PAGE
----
• Meaning corresponds to what feeds life and gives importance to the things we are trying to accomplish. For example, this could be teaching, solving problems or standing up for a cause.
    • Each of us can find pleasure in doing things, like cooking, reading, being in contact with children, etc.
    • Finally, strengths represent things we find it easy to do for a successful career: sense of humour, problem-solving or being enthusiastic.

Once these lists are established, it becomes easier to picture ourselves working in one or more jobs that are aligned, as much as possible, in terms of meaning, pleasure and strengths.

Crafting our calling

Whatever work we do, it is up to us whether it’s just a job or whether we can turn it into a tool for creativity. In the workplace, studies show that different employees will have a different approach to the same task. The perception is what counts, not the nature of the work in itself.

Focusing on happiness

In order to become happy, we first have to perceive its potential. Then we can turn it into reality. Therefore, we have to open our minds to match our attention to the possibilities that come from deep within. We should ask the question “What can I not live without?” instead of “What can I live with?”. Taking internal and external factors into account, we can reach the best decisions.


The author now offers readers two exercises. The first one is called The three-question process. It helps us determine our meaning, pleasure and strengths. With the next exercise, Crafting your work, Tal Ben-Shahar invites us introduce new activities to our daily working life so that it better meets our expectations.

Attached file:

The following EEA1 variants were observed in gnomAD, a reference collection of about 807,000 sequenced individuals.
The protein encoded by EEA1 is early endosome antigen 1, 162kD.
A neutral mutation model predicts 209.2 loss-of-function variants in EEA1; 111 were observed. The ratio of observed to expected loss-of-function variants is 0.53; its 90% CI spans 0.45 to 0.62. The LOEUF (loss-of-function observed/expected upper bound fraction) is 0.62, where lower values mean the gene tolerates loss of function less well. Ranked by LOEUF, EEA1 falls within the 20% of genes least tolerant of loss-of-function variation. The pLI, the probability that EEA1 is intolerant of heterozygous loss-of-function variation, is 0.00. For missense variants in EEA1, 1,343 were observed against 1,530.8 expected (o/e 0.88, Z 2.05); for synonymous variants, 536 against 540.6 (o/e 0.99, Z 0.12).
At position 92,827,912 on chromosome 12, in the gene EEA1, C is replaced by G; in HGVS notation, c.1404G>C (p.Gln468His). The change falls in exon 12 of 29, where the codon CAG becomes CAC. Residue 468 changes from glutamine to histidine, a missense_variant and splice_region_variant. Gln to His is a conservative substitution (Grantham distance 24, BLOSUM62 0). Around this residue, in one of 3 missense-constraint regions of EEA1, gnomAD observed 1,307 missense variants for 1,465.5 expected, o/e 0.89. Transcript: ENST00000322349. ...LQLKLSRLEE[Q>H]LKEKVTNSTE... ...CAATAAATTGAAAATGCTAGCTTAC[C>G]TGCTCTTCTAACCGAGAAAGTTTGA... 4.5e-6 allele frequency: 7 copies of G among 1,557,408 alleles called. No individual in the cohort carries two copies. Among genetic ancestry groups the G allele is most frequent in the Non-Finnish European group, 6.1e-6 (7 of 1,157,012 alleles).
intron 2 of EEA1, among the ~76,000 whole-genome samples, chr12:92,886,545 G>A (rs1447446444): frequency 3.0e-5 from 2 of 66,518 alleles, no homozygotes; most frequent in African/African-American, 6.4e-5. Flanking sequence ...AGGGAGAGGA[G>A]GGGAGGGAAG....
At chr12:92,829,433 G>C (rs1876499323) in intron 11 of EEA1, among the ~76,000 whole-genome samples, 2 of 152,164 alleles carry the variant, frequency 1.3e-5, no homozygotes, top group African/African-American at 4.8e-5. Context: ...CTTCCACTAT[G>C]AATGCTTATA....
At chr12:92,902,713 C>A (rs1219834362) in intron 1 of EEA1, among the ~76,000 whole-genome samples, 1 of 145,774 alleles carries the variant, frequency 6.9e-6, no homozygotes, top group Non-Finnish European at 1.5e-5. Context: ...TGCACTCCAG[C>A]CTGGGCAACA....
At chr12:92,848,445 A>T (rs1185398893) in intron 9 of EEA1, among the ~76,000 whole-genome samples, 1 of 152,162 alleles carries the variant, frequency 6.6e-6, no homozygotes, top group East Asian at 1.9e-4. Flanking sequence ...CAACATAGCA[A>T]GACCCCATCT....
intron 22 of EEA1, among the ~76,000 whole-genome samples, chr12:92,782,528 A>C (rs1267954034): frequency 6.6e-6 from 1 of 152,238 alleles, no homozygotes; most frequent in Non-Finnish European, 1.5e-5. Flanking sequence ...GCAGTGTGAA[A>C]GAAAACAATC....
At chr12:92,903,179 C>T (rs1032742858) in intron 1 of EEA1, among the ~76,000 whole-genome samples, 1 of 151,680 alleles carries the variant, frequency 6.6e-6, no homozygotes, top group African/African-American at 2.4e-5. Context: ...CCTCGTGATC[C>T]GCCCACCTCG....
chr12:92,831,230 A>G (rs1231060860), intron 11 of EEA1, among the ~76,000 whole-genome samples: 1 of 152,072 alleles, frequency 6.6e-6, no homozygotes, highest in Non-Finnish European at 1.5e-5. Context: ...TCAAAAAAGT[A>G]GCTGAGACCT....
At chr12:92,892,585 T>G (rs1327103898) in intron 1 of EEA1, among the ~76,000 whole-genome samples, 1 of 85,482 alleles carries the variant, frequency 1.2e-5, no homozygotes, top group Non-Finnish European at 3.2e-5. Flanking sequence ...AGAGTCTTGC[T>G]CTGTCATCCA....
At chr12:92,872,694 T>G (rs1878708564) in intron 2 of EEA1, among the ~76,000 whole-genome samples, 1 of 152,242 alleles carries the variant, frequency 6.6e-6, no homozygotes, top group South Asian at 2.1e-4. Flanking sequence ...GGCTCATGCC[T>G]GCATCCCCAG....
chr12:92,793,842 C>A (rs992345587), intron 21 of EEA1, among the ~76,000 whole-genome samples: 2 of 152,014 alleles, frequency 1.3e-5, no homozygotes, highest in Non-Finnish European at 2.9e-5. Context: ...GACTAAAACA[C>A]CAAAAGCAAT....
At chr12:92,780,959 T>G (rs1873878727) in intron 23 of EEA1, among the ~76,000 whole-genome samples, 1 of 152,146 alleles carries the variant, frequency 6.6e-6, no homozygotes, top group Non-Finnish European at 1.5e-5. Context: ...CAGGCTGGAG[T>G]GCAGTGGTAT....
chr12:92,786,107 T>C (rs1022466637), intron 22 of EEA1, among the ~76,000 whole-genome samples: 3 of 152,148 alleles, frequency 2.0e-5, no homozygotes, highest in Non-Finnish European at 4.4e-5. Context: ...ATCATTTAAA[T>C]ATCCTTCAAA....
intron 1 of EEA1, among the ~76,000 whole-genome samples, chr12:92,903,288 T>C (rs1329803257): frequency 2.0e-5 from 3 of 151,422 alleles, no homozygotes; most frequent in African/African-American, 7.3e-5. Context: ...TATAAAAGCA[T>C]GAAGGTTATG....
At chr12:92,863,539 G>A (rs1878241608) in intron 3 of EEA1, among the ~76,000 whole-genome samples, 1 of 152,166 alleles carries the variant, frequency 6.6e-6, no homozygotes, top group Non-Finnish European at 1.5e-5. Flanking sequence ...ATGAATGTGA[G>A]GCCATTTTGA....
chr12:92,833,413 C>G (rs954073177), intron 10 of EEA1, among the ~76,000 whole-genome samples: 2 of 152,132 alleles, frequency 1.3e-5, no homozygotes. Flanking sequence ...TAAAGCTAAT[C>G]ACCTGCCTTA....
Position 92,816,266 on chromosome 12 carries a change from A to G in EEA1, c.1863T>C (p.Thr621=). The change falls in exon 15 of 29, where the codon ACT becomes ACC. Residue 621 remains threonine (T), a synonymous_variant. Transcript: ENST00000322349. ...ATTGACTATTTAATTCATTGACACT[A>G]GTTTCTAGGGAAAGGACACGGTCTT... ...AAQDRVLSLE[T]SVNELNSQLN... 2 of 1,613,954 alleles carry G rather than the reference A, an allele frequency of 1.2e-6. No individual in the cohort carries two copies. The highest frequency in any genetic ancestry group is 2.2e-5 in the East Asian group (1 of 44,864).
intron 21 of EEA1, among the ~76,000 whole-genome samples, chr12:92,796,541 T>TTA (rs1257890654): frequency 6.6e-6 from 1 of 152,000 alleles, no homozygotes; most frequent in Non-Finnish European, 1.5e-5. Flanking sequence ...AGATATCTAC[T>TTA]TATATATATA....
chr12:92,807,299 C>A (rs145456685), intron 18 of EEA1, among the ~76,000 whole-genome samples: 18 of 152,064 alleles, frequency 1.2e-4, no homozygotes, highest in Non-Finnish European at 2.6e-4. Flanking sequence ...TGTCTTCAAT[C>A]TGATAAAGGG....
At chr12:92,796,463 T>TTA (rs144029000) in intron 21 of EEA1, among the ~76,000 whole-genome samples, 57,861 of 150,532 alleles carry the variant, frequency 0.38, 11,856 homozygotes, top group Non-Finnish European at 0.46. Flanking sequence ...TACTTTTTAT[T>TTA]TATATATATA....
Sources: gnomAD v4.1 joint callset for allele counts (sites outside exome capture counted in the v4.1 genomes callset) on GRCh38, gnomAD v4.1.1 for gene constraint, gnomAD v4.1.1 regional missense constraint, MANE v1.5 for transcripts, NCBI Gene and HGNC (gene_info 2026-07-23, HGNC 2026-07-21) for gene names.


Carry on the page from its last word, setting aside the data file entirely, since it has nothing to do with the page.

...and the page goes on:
Chapter 8 – Happiness in relationships

Foremost, according to several studies, people who have rich, quality relationships with the people around them (friends, family, partner) have a better chance of being happy. Our happiness capital is partially fed by all our relationships with others.

Unconditional love

For Tal Ben-Shahar, unconditional love corresponds to being loved for the person we are. The author emphasizes two points:

    • The rational side of love, which is not just a simple sensation devoid of reason.
    • We fall in love for conscious and unconscious reasons. That is why we are sometimes unable to explain precisely why we love a person so deeply.

The core self

The core self corresponds to our character. It translates into our behaviour. Depending on our deep characteristics, we naturally move towards one kind of profession. Things that we undertake may or may not turn out to be successful, often related to external factors. What counts most is that we are loved for the qualities that make us undertake something, not whether or not we succeed in the undertaking. That is what it means to be unconditionally loved.

The circle of happiness